At least that's great. That's really good recommendations. I like that. You know, get your fundamental solid, you know, use the annex material and the handbook material. Uh, I just got a couple, um, the 2019 handbook for. Fire alarm code and for, uh, sprinkler and FPA 13 and FPA 72. There's so much good information in those books.

Yeah. And, um, images that are not in the code show, like this is the way of the right way of

you see the examples of how you do it. Right. And how you don't do it. Right. So you get like, oh, this is what it means. And then when that clicks in your mind, then you know, it, you know, kinda it's like internalizing the knowledge and then it becomes like an, you know, transition to any project, but you're like, oh, okay.

That's what it means. Got. So, uh, but it's difficult. Sometimes the codes and the standards are really us from, from a legal perspective. So very black and white kinda thing. You know, the contrast are really there for a reason, but, um,

Uh, know what the subject matter experts thinks about. Every one of the regulations it's good stuff. Yeah. And, uh, I have a lot of interest in performance based design, but like you were saying, I don't, I don't know if I'm at that point in my career yet where I, uh, am comfortable with, uh, doing a lot of those, uh, calculations.

Um, and also they're not, yeah, you have to do everything though. Focus one or two things that you're really passionate about.


um, uh, don't try to, to learn everything cause you won't be able to do it, right. Not at least from my perspective. Yeah. That's a good note. I like that. I like that. So. I wanted to, um, ask you about some professional development topics, because, um, from my perspective, it seems like you have a passion for educating others and yeah.

Just, uh, being a resource. Uh, I really resonate with that and I think that's great. But, um, yeah, I wanted to ask, um, what do you see as a meaningful trend in the industry right now? I know you've talked about, um, power over ethernet and, uh, internet of things, um, which are a couple, uh, big terms in the industry right now.

But yeah. What are your thoughts on that? Well, mainly for educational purposes, there, there's a lot of training out there already. I think the main players educational program developers go into the online programs because.

Coronavirus outbreak. Uh, there is not too many face to face events anymore, which we used to do a lot of them, many of do as well. So I think that's, that's a challenge that transit of that content and information, the skills, some of these, um, trainers, they do have the expertise in this fields. So it's the face to face training was developed to bring that to the out there.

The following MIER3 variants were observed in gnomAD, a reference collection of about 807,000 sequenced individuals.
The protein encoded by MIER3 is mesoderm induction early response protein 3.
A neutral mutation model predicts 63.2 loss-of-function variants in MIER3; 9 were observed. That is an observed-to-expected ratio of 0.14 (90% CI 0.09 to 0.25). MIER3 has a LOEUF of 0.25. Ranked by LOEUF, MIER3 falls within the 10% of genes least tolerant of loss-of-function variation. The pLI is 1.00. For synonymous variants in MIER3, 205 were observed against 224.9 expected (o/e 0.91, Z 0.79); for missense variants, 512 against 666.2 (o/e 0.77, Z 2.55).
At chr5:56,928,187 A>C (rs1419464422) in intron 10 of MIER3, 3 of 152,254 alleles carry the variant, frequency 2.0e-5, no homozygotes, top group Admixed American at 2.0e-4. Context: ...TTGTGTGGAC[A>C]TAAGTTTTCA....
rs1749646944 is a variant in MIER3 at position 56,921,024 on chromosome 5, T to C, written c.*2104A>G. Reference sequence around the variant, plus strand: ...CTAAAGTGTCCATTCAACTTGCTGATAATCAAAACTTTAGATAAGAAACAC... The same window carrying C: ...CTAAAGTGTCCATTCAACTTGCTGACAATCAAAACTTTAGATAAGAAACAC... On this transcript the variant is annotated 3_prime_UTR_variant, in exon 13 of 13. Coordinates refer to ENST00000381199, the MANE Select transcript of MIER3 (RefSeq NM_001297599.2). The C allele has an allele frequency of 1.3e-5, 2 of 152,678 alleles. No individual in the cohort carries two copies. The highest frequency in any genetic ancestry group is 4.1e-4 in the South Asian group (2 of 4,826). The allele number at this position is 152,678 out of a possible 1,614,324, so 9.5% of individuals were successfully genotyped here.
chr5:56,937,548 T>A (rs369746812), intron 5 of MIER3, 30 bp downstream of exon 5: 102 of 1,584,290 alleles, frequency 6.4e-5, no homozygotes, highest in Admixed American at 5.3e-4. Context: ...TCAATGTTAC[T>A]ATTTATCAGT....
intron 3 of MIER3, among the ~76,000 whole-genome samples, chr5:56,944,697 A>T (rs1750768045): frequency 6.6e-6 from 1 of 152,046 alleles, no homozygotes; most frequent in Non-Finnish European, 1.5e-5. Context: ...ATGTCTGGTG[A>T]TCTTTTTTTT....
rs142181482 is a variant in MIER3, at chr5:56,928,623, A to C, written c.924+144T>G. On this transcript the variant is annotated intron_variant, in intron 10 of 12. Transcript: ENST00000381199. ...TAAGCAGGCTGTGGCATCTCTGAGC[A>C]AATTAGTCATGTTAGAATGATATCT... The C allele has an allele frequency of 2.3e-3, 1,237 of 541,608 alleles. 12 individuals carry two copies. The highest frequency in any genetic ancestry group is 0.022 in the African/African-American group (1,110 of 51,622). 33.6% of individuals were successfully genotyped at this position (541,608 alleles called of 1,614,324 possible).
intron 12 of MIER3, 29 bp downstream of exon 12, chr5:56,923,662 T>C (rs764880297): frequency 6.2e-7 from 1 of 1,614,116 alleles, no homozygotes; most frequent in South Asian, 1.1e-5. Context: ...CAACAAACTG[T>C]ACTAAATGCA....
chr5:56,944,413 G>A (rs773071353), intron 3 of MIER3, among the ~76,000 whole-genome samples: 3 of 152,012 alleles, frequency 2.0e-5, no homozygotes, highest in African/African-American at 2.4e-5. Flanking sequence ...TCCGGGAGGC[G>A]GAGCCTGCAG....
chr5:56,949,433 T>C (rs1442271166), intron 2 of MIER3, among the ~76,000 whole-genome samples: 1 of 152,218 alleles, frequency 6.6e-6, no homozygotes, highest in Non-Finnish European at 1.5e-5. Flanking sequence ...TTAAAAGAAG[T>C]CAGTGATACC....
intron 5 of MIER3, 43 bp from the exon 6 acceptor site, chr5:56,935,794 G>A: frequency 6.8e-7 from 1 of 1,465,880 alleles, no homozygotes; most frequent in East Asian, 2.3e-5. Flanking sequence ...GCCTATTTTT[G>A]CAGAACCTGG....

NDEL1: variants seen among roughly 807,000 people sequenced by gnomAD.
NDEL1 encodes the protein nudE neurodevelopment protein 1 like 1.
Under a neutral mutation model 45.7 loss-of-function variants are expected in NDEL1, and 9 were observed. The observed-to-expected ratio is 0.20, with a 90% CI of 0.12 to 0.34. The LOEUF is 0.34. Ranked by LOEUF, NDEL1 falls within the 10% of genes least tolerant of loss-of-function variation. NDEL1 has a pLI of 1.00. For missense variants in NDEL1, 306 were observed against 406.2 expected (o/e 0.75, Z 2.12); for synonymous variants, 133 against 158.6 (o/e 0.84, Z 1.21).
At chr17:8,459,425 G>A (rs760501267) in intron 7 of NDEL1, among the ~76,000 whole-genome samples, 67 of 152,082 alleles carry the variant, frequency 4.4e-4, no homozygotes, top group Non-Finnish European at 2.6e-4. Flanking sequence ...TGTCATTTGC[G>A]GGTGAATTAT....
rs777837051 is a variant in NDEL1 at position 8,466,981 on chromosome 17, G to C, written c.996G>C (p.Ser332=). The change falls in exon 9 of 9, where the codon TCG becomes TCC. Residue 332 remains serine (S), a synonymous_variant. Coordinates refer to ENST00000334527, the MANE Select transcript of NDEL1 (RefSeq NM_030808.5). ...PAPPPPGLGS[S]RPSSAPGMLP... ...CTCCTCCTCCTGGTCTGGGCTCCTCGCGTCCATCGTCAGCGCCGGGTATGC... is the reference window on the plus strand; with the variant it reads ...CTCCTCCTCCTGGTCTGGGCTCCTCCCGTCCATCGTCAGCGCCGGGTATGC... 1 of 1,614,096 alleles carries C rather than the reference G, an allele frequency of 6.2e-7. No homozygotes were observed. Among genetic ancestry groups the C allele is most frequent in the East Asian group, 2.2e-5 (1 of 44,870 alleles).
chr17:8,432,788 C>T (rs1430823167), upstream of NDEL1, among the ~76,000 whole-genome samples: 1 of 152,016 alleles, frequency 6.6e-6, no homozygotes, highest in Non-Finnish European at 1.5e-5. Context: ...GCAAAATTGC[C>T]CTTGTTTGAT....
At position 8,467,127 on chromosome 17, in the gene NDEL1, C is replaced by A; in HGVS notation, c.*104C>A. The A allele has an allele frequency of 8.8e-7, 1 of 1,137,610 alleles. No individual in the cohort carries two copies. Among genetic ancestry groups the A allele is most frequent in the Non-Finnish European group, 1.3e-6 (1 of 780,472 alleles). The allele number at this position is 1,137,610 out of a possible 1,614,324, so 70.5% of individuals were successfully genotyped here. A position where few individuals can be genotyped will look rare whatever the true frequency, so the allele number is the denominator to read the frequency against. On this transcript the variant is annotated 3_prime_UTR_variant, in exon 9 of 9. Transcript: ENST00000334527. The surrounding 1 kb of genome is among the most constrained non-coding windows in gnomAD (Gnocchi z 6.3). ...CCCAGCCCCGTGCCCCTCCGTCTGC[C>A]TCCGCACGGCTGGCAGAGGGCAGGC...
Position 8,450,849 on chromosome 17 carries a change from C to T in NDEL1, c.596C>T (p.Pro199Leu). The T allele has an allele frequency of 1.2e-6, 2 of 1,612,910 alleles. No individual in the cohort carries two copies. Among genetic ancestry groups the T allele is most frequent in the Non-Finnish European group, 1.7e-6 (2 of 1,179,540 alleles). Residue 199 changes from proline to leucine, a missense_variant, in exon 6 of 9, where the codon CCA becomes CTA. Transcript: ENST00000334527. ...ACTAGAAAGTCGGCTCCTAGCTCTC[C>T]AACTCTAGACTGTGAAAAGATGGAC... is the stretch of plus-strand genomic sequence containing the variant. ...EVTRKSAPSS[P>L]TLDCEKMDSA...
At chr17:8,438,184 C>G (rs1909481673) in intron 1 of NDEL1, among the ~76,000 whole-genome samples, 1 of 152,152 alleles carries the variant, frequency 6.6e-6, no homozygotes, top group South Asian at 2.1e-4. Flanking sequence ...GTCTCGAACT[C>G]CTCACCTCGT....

And I'm

72 and many countries. So you, you wanna to bring this information to people that cannot travel more distances or this. To come, uh, to the us or other places to, to get this training. So that's another challenge right now. And you, most entities will transition to program. Um, let's see how much we do, uh, from the it perspective.

We maybe develop to 20 programs a year. Uh, we'll see, how many can we do, uh, with the, this, this year, maybe a little bit different cause everythings changing, but, uh, we'll adapt. We will continue to educational training. And also from my perspective engineer, can we, um, we, we do it through different organizations.

Maybe this one


I think that's great. Yeah. The there's really been an explosion of online learning opportunities and a lot of free opportunities, you know, with organizations like, uh, S F P and American fire alarm association, and N F P and NFSA and a F S so there's a lot of great, uh, opportunities right now that people are trying to, um, you know, still have outreach in normal, uh, content delivery.

So it's been a really interesting time, uh, to be professional with all these, uh, resources being, um, the flag being, you know, thrown up for people still wanted to converse and grow the industry. Yeah, I don't mention the individual SDOs, but yeah, every, every SDO is trying to do the best for their communities.

Um, you know, our members are, you know, eager to go back to India, China, anywhere like, you know, these people really needs to be proficient. These design systems,

um, to like put plan together or groups of classes together. Okay. This is the basic level for the technician. This is the next level for. The next level of professional, you know, and don't try to replicate every content, you know, that be like a waste of resources from my perspective that, you know, we need to be this limitations.